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This June, 350 years after the Nonsuch first set sail, the Manitoba Museum reopened its Nonsuch Gallery, turning the ship’s story on its head.
In June 1668 the Nonsuch sailed from Gravesend, England, to Hudson Bay. The sixteen-metre ketch was tasked with finding a fur-trading route into British North America that was more efficient than the established yet complicated route along the St. Lawrence River. After a very successful trade season with the Cree of Hudson Bay, the Nonsuch returned to England laden with furs. This success led to the formation of the Hudson’s Bay Company.
Three hundred years later, a replica of the Nonsuch was constructed in England. Commissioned by the HBC, she was built to be as historically accurate as possible. After three seasons touring along the English Channel, the St. Lawrence River, the Great Lakes, and the west coast of British Columbia and Washington State, the ketch was brought to Winnipeg and gifted to the province of Manitoba.
Since 1973, this replica has made berth at the Manitoba Museum. Inspired by a suggestion from Captain Adrian Small, who helmed the replica throughout her tour, the museum’s interpretation of the Nonsuch centred on the final preparations for the original vessel’s 1668 voyage.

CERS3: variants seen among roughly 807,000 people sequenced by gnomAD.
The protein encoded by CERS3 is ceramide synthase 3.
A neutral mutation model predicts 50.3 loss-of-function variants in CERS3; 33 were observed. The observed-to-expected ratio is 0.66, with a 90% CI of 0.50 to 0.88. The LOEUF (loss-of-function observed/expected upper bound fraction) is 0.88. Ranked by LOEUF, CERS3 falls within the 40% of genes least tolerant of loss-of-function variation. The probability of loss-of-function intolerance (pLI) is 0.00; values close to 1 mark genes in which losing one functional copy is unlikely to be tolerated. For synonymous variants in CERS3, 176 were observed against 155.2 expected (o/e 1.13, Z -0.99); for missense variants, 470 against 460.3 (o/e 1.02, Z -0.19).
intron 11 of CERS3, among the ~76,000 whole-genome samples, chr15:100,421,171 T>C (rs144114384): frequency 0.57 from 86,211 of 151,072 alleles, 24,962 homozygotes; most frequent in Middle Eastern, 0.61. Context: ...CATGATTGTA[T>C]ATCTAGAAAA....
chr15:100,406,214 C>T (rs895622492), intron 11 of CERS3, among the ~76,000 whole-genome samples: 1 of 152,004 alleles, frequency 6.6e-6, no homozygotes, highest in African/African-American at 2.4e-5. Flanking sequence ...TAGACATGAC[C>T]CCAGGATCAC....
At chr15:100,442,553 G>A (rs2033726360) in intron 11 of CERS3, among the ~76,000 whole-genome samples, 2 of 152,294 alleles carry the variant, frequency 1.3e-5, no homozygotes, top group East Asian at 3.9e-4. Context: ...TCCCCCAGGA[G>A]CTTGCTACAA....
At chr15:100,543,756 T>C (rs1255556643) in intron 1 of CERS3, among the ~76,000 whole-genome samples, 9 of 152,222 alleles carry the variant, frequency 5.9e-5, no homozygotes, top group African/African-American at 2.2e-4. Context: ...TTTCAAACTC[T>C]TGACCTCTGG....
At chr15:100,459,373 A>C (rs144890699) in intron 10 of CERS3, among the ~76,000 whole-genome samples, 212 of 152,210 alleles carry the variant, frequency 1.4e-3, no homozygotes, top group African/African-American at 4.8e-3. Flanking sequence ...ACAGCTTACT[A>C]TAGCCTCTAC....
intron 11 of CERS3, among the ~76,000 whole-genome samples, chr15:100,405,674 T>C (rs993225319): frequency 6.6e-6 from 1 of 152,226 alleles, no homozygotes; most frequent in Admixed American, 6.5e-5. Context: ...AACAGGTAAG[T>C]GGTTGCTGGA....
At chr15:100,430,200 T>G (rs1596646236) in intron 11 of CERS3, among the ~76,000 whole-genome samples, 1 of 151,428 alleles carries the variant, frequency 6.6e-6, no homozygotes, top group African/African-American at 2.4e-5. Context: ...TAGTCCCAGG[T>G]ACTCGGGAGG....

In the museum’s newly reopened Nonsuch Gallery, the ship has just returned to England, and is filled with furs from successful trading. Sailors share tales of the “new world” and the winter they spent at the mouth of the Rupert River (modern-day Waskaganish, Quebec).
The river was named for Prince Rupert, a major investor in both the Nonsuch’s voyage and the HBC. As the company’s first governor, he also lent his name to Rupert’s Land — a large portion of present-day Canada that was awarded to the HBC by a royal charter without consideration of the land claims of its Indigenous population.
The Nonsuch’s interpretation received significant updates, and the ketch had her rigging restored, led by historical rigger Courtney Anderson — who has worked on ships around the world, including on the film series Pirates of the Caribbean.
When the Nonsuch replica first arrived in Winnipeg in November 1973, it was hoisted into position using a heavy-lift crane. The steel and concrete walls of the gallery were then built around her, sealing her in.
Since a return to the waterways isn’t in the cards, this popular artifact can only be seen at the Manitoba Museum.
The Nonsuch Gallery’s revival marks the beginning of the museum’s ambitious capital renewal project, Bringing Our Stories Forward, which will update more than forty percent of its galleries and emphasize stories of Indigenous peoples and new waves of immigration to Manitoba. A new Winnipeg Gallery and additional digital and interactive exhibits will add to visitors’ experiences.
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